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5 Ways Sex Leads to Better Overall Health

February 11, 2013 By RHP Staff

Most standard guides to improving your health will tell you the basics; eat more fruits and vegetables, exercise, drink plenty of water. They’re not quite as likely to tell you to have an active sex life. A recent survey taken by Healthy Women, a nonprofit organization, indicates that a majority of women have sex more because they feel obligated to do it than because they enjoy it. Unfortunately, these women are depriving themselves of the many health benefits sex provides even above and beyond the good feelings of the moment. Here are five examples out of the many health advantages sex can give.

Sex is a good workout. “You can burn anywhere from 85 to 250 calories every time you have sex,” explained Dr. Naomi Greenblatt, medical director of The Rocking Chair, a women’s wellness center in New Jersey. Different positions lead the participants to work different muscle groups. Sex has also been shown to have a cardiovascular benefit; a research study in Ireland discovered that men with active sex lives are 50 percent less likely to die of a cardiac event than their less active counterparts.

Sex can decrease stress levels. Dr. Greenblatt pointed out that sex causes the body to release endorphins, the hormones responsible for feelings of contentment and well-being. A 2002 study done at the State University of New York at Albany showed that women who have regular sex display fewer signs of depression than women who do not; furthermore, women who have regular unprotected sex showed fewer indications of depression than women who have regular protected sex. This study is consistent with other research indicating that sex is a mood-booster on its own and that the compounds in semen may also have mood lifting capabilities.

Sex can help with pain relief. According to Dr. Greenblatt, people on the verge of orgasm have five times more oxytocin in their bodies than they would ordinarily have. Oxytocin is known to relieve many sorts of pain, from arthritis to menstrual cramping.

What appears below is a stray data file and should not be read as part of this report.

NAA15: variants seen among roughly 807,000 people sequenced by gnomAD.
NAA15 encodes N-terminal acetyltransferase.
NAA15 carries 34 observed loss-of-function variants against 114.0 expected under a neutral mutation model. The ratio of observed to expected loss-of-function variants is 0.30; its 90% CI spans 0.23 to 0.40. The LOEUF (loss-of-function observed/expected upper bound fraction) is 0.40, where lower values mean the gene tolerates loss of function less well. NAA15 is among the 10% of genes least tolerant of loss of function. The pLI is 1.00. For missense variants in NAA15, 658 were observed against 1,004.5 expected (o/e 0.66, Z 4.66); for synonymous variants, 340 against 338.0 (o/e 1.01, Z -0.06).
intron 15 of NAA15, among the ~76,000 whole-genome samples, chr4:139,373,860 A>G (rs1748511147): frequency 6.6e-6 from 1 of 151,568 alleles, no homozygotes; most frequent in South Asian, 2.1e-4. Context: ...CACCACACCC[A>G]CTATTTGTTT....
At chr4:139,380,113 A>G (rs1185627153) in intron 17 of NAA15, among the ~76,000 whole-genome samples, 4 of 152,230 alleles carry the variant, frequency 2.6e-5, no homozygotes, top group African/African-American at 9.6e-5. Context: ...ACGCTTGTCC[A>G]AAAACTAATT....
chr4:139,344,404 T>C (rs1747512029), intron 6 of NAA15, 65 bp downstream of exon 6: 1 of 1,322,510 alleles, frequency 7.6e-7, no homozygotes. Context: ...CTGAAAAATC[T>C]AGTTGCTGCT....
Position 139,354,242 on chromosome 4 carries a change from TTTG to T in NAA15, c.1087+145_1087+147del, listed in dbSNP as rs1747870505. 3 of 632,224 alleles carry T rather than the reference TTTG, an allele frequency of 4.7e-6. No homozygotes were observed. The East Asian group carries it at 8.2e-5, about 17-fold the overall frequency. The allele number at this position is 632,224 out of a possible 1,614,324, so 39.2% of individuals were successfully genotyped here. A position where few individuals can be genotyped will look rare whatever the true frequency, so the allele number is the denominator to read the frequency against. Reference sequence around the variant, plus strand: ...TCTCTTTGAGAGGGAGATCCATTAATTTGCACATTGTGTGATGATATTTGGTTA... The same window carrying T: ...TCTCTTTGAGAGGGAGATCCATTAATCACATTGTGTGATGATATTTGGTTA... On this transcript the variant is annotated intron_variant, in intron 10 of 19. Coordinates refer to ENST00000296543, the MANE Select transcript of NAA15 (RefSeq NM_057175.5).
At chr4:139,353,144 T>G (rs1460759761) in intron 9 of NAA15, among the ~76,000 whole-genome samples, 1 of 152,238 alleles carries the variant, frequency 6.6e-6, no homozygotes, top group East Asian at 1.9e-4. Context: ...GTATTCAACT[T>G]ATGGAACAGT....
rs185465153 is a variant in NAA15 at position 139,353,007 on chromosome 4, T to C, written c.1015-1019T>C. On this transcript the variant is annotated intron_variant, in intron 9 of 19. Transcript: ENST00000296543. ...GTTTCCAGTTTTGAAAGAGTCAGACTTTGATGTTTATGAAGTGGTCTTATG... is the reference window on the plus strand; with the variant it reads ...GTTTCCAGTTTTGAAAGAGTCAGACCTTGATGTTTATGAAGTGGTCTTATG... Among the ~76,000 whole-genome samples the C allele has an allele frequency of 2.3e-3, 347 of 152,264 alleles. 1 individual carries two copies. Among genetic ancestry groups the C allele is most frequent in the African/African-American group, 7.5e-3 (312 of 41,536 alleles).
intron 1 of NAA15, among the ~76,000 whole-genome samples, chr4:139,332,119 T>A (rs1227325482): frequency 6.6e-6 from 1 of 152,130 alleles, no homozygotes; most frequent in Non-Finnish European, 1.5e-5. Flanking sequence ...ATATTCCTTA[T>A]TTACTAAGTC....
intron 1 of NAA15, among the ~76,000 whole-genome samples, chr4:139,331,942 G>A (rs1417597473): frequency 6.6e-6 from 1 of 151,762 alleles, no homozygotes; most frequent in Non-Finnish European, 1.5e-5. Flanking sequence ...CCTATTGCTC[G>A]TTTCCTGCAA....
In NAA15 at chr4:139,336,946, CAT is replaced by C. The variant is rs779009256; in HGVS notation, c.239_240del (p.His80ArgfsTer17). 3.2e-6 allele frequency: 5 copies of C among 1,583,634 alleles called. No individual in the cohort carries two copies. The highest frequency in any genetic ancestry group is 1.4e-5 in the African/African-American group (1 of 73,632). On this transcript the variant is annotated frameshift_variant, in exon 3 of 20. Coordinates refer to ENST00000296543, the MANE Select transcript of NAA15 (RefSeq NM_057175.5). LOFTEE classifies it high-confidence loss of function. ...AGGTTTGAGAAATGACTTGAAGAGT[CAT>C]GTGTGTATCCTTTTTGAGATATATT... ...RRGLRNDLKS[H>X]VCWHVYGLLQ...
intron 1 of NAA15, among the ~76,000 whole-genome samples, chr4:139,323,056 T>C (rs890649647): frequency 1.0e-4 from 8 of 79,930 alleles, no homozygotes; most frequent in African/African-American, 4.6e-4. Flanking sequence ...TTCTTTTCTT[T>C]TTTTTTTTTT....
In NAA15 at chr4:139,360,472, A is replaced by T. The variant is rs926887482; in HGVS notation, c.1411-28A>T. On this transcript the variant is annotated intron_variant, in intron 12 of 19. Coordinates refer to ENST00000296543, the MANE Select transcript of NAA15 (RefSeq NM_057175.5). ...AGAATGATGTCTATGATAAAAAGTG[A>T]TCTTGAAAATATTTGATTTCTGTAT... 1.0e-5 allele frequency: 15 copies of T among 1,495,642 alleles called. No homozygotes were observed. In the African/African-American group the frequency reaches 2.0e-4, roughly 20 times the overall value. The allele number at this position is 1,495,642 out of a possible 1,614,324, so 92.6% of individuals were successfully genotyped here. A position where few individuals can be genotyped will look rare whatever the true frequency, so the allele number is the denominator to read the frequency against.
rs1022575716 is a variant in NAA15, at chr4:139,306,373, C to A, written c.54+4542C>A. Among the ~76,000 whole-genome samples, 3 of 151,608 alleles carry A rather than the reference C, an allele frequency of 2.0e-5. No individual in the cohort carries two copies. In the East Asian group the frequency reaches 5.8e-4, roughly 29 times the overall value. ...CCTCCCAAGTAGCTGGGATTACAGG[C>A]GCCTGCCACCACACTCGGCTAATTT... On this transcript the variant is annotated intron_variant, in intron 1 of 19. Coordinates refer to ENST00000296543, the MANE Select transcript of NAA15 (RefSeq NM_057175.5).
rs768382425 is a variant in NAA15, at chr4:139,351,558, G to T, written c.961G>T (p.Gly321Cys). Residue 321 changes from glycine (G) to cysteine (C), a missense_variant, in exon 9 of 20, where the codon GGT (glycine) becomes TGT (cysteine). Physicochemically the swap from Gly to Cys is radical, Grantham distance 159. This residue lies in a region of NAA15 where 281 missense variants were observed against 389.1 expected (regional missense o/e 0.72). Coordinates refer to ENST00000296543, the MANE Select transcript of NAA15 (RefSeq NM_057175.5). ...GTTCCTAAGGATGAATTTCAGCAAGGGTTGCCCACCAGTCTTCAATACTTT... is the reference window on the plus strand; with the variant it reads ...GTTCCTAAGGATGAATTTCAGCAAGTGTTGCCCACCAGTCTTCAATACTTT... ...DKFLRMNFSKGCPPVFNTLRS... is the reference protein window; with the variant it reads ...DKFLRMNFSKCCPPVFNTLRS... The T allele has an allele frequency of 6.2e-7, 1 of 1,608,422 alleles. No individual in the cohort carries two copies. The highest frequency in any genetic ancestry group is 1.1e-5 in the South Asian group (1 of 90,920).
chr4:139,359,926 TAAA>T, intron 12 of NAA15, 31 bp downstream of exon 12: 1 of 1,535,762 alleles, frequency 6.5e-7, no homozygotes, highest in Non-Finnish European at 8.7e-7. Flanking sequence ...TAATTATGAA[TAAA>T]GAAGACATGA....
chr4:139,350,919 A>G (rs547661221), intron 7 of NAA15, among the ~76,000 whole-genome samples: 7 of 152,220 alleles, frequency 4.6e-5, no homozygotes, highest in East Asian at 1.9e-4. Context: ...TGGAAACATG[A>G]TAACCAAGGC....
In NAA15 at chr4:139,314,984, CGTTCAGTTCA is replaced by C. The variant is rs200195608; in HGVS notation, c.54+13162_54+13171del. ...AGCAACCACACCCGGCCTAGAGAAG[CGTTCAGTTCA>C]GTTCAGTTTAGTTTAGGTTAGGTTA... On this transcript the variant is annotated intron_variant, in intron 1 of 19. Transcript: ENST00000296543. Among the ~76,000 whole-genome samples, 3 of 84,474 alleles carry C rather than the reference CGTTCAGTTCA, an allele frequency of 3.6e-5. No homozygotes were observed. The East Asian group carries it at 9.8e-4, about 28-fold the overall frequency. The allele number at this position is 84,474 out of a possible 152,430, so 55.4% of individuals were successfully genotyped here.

Sex can boost your immune system. “People who have sex also tend to have higher levels of immunoglobulin A,” explains Dr. Greenblatt. Immunoglobulin A is an antibody produced by the body to protect the mucus membranes from infection by germs.

Sex can help maintain a youthful appearance. Scottish researchers designed a study which consisted of a panel of viewers looking at various women through a one-way mirror and attempting to guess the women’s ages. The women who were judged to be seven to 12 years younger than their true age turned out to be the ones who had sex most often, as many as four times per week. Dr. Greenblatt says sex can also elevate the body’s production of estrogen and vitamin D, which help keep skin and hair healthy.

Researchers do point out that the strong correlations between frequent sex and well-being do not necessarily mean that sex is the cause of good health. It may instead mean that people with better health are more interested in sexual activity. Even so, no evidence shows that sex is bad for the general population, so most people have nothing to lose by increasing the frequency of their sexual activity

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